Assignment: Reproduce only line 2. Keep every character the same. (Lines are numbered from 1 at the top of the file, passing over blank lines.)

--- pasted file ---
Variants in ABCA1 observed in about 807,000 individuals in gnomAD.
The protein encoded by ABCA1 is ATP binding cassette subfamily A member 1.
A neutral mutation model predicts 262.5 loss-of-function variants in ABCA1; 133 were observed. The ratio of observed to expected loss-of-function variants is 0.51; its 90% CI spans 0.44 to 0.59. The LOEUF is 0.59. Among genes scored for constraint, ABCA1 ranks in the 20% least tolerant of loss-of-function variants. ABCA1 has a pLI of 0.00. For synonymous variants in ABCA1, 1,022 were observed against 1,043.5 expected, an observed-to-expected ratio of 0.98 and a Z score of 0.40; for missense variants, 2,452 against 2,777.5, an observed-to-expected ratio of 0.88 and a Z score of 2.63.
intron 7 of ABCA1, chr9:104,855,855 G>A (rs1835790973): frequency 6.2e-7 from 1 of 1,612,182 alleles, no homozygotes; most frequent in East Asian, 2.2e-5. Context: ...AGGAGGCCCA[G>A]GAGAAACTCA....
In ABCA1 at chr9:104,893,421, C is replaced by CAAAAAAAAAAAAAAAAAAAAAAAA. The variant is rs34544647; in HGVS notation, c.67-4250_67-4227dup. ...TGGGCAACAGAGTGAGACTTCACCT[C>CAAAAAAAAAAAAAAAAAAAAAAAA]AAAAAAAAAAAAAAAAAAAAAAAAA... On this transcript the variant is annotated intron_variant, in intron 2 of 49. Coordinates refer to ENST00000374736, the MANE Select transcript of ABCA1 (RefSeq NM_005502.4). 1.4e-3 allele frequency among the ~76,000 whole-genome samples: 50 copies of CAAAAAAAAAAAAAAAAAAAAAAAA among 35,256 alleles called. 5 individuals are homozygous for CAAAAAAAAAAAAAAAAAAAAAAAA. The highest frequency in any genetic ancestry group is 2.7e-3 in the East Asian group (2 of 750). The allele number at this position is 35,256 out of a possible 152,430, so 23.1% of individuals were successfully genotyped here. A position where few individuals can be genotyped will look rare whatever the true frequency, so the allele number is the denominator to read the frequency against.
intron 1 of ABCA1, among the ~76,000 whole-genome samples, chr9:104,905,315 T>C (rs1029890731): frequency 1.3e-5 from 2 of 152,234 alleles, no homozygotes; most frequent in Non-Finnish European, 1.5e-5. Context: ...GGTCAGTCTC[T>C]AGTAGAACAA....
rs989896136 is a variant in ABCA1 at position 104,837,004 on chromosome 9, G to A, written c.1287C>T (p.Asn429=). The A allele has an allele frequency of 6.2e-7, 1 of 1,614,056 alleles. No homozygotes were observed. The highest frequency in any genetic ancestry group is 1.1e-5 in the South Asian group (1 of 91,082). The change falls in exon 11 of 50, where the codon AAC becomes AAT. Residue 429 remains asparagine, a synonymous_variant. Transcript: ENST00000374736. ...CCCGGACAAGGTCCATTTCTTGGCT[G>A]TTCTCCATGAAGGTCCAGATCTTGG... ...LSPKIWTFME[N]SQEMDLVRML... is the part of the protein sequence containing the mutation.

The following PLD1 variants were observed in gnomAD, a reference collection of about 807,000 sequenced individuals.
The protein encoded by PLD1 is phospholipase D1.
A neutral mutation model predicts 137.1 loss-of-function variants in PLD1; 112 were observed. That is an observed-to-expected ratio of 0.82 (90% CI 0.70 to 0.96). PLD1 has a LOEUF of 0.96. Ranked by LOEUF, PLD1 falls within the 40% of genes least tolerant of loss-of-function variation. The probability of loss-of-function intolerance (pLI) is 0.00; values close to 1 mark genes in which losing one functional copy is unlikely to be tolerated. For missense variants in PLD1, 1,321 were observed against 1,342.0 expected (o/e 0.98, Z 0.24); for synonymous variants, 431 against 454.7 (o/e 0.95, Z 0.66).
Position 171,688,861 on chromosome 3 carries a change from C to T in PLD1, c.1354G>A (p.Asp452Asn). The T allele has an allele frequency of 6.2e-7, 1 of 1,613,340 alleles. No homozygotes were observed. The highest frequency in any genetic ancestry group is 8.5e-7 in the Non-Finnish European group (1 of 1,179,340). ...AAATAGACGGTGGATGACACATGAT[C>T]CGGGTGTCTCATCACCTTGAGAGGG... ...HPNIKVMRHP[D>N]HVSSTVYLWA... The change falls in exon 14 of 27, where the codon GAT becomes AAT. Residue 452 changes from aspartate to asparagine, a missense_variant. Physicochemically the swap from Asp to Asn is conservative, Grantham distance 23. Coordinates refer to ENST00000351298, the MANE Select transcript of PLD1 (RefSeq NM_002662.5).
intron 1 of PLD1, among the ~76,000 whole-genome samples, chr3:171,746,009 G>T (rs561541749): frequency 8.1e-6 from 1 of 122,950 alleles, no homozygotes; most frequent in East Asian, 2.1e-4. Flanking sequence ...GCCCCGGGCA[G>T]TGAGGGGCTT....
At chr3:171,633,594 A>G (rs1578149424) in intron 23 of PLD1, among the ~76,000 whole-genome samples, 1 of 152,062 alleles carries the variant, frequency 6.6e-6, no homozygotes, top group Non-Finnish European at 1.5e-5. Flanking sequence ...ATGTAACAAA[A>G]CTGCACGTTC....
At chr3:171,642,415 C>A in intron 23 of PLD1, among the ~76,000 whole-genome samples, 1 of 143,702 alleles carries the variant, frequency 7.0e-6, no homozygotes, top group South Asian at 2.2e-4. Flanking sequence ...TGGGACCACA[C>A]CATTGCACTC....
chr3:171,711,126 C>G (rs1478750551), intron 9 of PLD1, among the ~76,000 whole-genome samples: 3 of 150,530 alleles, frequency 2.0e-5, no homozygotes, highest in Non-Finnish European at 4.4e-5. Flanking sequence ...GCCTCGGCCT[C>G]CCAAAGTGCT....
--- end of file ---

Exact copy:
The protein encoded by ABCA1 is ATP binding cassette subfamily A member 1.